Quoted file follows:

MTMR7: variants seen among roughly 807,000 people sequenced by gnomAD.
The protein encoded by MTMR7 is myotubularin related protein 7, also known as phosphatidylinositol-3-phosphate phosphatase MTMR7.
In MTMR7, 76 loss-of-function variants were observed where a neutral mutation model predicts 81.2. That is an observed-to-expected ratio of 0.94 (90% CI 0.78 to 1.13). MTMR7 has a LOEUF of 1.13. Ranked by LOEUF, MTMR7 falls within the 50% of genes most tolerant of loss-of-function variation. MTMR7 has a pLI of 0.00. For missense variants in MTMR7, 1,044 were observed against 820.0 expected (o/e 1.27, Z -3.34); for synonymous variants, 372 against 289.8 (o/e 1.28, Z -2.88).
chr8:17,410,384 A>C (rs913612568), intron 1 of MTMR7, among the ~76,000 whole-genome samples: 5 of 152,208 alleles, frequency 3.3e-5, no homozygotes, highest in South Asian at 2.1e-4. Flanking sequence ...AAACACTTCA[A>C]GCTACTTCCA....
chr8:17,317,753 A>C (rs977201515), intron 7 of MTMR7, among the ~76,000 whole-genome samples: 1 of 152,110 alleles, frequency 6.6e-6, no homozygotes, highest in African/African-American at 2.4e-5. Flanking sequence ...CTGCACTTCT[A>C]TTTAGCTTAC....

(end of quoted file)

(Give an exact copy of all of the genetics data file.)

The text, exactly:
MTMR7: variants seen among roughly 807,000 people sequenced by gnomAD.
The protein encoded by MTMR7 is myotubularin related protein 7, also known as phosphatidylinositol-3-phosphate phosphatase MTMR7.
In MTMR7, 76 loss-of-function variants were observed where a neutral mutation model predicts 81.2. That is an observed-to-expected ratio of 0.94 (90% CI 0.78 to 1.13). MTMR7 has a LOEUF of 1.13. Ranked by LOEUF, MTMR7 falls within the 50% of genes most tolerant of loss-of-function variation. MTMR7 has a pLI of 0.00. For missense variants in MTMR7, 1,044 were observed against 820.0 expected (o/e 1.27, Z -3.34); for synonymous variants, 372 against 289.8 (o/e 1.28, Z -2.88).
chr8:17,410,384 A>C (rs913612568), intron 1 of MTMR7, among the ~76,000 whole-genome samples: 5 of 152,208 alleles, frequency 3.3e-5, no homozygotes, highest in South Asian at 2.1e-4. Flanking sequence ...AAACACTTCA[A>C]GCTACTTCCA....
chr8:17,317,753 A>C (rs977201515), intron 7 of MTMR7, among the ~76,000 whole-genome samples: 1 of 152,110 alleles, frequency 6.6e-6, no homozygotes, highest in African/African-American at 2.4e-5. Flanking sequence ...CTGCACTTCT[A>C]TTTAGCTTAC....